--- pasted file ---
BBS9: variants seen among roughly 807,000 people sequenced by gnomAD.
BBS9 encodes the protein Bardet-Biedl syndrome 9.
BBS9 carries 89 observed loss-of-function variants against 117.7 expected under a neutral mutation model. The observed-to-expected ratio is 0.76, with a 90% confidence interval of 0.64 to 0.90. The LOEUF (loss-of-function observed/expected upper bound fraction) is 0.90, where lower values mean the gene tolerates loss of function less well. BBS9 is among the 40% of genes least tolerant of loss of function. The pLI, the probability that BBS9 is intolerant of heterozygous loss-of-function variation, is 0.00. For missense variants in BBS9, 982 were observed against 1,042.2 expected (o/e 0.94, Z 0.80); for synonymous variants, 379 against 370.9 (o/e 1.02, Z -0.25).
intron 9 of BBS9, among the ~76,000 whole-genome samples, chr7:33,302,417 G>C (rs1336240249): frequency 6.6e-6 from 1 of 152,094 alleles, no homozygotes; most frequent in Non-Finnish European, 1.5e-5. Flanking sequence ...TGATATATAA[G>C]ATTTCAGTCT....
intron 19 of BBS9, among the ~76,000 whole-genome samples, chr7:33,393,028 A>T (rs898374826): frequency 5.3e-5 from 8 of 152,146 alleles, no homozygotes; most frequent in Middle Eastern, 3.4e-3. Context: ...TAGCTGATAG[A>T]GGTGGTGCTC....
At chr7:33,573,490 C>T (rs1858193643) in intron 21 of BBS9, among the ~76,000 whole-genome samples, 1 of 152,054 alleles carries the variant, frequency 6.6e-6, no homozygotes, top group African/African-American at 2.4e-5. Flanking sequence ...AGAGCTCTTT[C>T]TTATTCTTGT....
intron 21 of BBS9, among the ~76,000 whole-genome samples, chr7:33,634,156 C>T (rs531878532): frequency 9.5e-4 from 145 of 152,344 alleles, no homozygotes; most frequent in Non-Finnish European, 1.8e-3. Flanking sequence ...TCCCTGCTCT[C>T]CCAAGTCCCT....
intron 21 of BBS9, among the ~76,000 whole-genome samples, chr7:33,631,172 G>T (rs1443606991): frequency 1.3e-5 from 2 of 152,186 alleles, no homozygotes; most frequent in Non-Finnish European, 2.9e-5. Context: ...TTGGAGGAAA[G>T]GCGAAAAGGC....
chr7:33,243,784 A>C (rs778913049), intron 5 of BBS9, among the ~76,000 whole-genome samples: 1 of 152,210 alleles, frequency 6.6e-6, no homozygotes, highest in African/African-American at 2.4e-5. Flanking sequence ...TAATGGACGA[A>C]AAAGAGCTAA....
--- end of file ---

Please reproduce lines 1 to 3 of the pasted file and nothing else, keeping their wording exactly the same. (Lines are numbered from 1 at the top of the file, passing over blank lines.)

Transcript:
BBS9: variants seen among roughly 807,000 people sequenced by gnomAD.
BBS9 encodes the protein Bardet-Biedl syndrome 9.
BBS9 carries 89 observed loss-of-function variants against 117.7 expected under a neutral mutation model. The observed-to-expected ratio is 0.76, with a 90% confidence interval of 0.64 to 0.90. The LOEUF (loss-of-function observed/expected upper bound fraction) is 0.90, where lower values mean the gene tolerates loss of function less well. BBS9 is among the 40% of genes least tolerant of loss of function. The pLI, the probability that BBS9 is intolerant of heterozygous loss-of-function variation, is 0.00. For missense variants in BBS9, 982 were observed against 1,042.2 expected (o/e 0.94, Z 0.80); for synonymous variants, 379 against 370.9 (o/e 1.02, Z -0.25).